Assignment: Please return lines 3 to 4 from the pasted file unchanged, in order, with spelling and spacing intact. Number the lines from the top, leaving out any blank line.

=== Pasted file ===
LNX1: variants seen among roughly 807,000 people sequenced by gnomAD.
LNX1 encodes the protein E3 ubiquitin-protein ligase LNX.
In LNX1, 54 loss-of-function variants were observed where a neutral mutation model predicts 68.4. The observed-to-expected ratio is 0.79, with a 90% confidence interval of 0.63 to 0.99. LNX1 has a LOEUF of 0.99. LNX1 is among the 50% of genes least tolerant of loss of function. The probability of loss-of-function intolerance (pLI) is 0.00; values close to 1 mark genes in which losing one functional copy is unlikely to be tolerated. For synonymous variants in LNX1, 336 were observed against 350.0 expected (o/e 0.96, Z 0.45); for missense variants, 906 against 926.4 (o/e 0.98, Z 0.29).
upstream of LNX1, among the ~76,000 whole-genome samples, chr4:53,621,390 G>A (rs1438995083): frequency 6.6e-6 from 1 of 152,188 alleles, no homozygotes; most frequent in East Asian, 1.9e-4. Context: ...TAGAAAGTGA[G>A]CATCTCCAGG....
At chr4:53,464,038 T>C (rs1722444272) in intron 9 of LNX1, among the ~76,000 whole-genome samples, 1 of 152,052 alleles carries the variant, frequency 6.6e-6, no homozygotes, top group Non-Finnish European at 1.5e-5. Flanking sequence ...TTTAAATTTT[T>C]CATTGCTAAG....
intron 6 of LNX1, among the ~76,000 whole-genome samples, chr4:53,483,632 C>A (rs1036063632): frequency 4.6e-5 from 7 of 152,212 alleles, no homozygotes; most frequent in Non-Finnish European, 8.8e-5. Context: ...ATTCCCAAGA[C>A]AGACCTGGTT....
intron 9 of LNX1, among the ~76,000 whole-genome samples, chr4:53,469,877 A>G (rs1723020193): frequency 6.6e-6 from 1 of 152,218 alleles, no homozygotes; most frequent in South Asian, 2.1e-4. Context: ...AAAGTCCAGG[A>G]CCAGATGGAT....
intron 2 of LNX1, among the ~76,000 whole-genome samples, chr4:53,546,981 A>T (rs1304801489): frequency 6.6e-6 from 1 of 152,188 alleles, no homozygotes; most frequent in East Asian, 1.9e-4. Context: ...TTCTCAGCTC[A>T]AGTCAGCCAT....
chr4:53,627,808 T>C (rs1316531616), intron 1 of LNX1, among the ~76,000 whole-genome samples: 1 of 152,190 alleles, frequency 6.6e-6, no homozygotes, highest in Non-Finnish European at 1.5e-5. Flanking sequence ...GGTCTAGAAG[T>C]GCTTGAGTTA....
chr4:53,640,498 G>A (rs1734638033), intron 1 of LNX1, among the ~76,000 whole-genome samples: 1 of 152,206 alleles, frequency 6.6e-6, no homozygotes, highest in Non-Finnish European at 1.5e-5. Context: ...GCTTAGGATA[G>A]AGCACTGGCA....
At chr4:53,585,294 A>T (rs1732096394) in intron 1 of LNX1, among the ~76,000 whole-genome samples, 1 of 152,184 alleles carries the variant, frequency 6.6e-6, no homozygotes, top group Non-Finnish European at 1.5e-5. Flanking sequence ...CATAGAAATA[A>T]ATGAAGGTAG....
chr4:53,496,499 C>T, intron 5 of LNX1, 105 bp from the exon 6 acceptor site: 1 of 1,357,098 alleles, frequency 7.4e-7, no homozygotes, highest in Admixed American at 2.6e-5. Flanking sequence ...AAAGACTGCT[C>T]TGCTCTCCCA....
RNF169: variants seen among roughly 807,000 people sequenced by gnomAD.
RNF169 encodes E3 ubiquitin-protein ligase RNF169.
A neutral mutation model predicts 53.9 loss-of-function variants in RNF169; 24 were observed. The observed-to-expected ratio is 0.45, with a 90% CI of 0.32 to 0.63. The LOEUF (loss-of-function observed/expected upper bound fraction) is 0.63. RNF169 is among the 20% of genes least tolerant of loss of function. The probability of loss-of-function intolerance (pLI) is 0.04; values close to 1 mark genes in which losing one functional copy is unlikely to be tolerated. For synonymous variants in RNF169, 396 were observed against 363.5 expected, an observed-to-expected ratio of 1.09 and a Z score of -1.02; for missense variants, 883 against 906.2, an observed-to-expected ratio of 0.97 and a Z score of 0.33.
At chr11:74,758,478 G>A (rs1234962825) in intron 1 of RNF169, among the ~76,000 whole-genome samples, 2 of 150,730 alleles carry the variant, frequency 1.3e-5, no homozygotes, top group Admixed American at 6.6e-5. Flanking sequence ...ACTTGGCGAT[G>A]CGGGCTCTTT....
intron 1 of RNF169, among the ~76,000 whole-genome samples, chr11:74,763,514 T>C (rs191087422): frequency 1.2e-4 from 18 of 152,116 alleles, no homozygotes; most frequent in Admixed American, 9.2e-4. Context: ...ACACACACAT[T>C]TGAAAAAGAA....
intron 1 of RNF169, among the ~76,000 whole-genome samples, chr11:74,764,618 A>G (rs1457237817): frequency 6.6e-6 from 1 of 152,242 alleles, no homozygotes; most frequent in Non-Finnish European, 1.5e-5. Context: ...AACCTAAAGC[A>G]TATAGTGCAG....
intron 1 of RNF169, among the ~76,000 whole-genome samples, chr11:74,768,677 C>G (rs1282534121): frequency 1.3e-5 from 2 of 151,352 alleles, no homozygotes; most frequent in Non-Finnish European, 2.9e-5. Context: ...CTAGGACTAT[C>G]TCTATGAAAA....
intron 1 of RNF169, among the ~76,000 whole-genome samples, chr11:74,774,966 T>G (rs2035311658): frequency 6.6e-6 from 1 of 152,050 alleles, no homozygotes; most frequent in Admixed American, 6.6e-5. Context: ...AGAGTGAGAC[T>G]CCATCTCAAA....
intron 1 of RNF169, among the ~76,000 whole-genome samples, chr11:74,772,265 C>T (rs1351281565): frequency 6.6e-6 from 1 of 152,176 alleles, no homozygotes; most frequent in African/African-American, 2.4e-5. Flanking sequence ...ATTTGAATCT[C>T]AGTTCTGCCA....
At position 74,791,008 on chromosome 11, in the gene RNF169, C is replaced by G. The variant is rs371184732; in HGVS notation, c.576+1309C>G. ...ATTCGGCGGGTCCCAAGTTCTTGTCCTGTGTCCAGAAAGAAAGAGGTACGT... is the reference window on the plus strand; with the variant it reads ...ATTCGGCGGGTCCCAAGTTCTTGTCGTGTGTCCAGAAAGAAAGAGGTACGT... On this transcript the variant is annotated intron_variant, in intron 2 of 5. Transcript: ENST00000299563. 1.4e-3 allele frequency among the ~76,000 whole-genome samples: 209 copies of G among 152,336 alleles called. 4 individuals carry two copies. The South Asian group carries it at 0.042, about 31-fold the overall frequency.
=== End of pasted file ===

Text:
In LNX1, 54 loss-of-function variants were observed where a neutral mutation model predicts 68.4. The observed-to-expected ratio is 0.79, with a 90% confidence interval of 0.63 to 0.99. LNX1 has a LOEUF of 0.99. LNX1 is among the 50% of genes least tolerant of loss of function. The probability of loss-of-function intolerance (pLI) is 0.00; values close to 1 mark genes in which losing one functional copy is unlikely to be tolerated. For synonymous variants in LNX1, 336 were observed against 350.0 expected (o/e 0.96, Z 0.45); for missense variants, 906 against 926.4 (o/e 0.98, Z 0.29).
upstream of LNX1, among the ~76,000 whole-genome samples, chr4:53,621,390 G>A (rs1438995083): frequency 6.6e-6 from 1 of 152,188 alleles, no homozygotes; most frequent in East Asian, 1.9e-4. Context: ...TAGAAAGTGA[G>A]CATCTCCAGG....